Similarly, the Rabbis introduced the absurd belief that the Patriarchs observed the Torah in so far as they kept the, as yet unrevealed laws of kashrut or even Passover… before the sojourn in Egypt. This perverse belief is commonly accepted in the Orthodox Jewish community today, which is surprising since the primary sources for this travesty of anachronism, is in the extra-biblical Book of Sirah (included in the Septuagent but not Hebrew Bible) and the Pseudepigrapha such as the Book of Jubilees whose relevant verses are paraphrased here:
The (Book of Jubilees) author’s … practice of founding essential legal practices in the time of the ancients of Genesis rather than in the age of Moses. For example, … Noah first celebrated the Festival of Weeks (see 6:17–22) and later Abraham, too, observed this holiday, which became the anniversary of the Noahic, Abrahamic, and Mosaic covenants (6:17–22; 15:1–2). The Festivals of Tabernacles (16:20–23; 32:4–9, 27–29) and Unleavened Bread (18:18–19) and the Day of Atonement (34:17–19, which commemorates Jacob’s torment on learning of Joseph’s “death”) also were introduced in the age of the fathers. The author’s reason for antedating these practices can only be surmised, but it is clear that he wished to impress upon his audience that these essential acts of obedience to the covenant were not the innovations of a later age that were imposed upon the religion of the patriarchs. They had been in force since earliest times, were inscribed immutably and eternally on the heavenly tablets (of the numerous cases, see, for example, 3:10, 31; 6:17; 15:25; 16:28–29; etc.), and in some instances were practiced in heaven (Sabbath [2:30]; Festival of Weeks [6:18]; circumcision [15:27]). These provisions were to be observed scrupulously in the present if the ideal future was to be realized. (Anchor Bible Dictionary, Book of Jubilees see also (Two Views of the patriarchs: Noachide and pre-Sinai Israelites, Joseph P. Schultz in Texts and responses: Studies presented to Nahum N. Glatzer.. ed. Michael A. Fishbane, Brill Archive, 1975)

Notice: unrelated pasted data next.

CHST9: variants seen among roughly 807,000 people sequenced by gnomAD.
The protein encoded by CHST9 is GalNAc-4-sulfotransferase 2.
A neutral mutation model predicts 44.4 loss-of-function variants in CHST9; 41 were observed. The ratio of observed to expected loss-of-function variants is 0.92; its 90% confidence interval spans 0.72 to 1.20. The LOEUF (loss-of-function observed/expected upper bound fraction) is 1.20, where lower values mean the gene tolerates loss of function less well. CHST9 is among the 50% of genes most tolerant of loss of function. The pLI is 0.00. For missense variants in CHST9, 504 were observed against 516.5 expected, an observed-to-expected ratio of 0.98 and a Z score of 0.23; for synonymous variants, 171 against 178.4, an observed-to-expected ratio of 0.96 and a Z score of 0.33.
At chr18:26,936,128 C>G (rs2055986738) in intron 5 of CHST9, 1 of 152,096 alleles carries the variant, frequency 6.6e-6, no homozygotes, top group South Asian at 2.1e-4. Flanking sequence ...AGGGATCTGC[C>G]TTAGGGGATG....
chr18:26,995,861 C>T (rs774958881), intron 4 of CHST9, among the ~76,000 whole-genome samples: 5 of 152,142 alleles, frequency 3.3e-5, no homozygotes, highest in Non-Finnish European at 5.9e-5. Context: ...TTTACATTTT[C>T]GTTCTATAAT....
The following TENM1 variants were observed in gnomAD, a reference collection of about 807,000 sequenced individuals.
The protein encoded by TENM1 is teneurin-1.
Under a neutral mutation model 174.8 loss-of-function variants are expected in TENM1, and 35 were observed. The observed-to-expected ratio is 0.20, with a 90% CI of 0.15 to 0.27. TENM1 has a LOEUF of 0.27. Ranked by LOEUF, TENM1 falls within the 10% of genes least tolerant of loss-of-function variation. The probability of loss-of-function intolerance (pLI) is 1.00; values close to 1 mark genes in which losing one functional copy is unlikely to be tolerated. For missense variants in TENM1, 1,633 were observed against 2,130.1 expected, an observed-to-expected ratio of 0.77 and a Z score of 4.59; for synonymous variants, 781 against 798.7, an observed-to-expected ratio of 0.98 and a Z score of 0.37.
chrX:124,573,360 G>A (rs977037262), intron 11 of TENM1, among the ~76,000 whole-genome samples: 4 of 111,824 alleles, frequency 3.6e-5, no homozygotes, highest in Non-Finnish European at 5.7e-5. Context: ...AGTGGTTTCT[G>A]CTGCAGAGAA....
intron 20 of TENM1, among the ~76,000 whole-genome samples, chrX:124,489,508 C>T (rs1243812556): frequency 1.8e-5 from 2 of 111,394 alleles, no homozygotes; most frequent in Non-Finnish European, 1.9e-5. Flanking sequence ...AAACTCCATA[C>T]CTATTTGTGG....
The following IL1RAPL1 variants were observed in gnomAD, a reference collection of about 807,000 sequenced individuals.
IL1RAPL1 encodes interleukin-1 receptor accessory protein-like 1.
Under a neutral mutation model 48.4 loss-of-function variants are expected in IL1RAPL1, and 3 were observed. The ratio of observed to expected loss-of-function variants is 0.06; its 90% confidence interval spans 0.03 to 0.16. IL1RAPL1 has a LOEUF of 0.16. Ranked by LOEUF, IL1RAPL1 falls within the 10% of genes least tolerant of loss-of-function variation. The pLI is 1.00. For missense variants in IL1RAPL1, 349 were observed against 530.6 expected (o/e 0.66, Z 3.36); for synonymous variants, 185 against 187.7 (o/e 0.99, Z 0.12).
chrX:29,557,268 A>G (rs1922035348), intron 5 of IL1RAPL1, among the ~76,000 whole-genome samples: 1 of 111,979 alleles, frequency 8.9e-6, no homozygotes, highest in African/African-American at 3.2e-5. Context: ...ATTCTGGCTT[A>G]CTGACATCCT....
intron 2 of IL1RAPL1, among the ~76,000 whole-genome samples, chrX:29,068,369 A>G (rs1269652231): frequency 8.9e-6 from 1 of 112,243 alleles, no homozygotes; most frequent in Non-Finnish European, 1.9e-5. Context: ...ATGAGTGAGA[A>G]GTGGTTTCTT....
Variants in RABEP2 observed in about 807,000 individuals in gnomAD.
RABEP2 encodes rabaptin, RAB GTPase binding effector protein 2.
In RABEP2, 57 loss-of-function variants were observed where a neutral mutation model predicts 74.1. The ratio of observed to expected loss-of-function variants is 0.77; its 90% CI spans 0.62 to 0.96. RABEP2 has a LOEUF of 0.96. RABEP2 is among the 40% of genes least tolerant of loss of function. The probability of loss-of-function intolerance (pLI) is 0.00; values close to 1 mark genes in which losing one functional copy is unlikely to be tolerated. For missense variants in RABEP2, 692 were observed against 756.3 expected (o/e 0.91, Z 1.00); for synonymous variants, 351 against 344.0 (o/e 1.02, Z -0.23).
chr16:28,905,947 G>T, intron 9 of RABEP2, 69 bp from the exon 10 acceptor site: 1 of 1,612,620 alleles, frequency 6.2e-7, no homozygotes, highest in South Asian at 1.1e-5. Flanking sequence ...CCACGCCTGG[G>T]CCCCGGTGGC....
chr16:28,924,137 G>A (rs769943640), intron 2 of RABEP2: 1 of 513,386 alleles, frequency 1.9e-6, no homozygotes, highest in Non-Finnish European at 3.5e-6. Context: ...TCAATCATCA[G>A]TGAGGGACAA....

So what is my objections to the transformation of the Torah and its commandments into the Eternal Platonic Forms or the preëxistent Wisdom? Why is it to me the heresy of heresies? Because it contradicts the two most basic tenets and the crux of that which is revolutionary about Judaism… Creation and the Giving of the Law/Covenant…. (I don’t use the inaccurate translation of Matan Torah as “revelation” since it is tainted by preëxistence. Reveal-ation presupposes an already existent law that is now being revealed)
Creation… especially creation from nothing (ex nihlo – Yeysh meAyin) means that there is NOTHING inevitable about our world. Our world and our lives truly do not have to be. It means that the world as we know it is unthinkably different from the the Divine. The divine is eternal and perfect; our world is material, finite, imperfect, made up of disconnected moments and always changing. All creatures, including man are similarly a radical contingency.. Man is ultimately made of dirt and is given a name; Adam, to prove it. The same is true of the radical nature of Matan Torah.. the giving of the Torah. It is radically contingent on the shared history of God and a particular people who He has chosen at a particular moment in time. The Passover holiday is radically contingent on the shared experience of the Exodus from Egypt and to imagine it celebrated centuries before the exodus shows a lack of wonder at the radically contingent world and Torah we have been given. A belief in an immutable and eternal world and Torah is an implicit rejections of the possibility of God’s presence in history, the covenantal experience, the evolution of our law and beliefs and ulimatley, a rejection of the responsibility our contengcy places on us; the protagonists.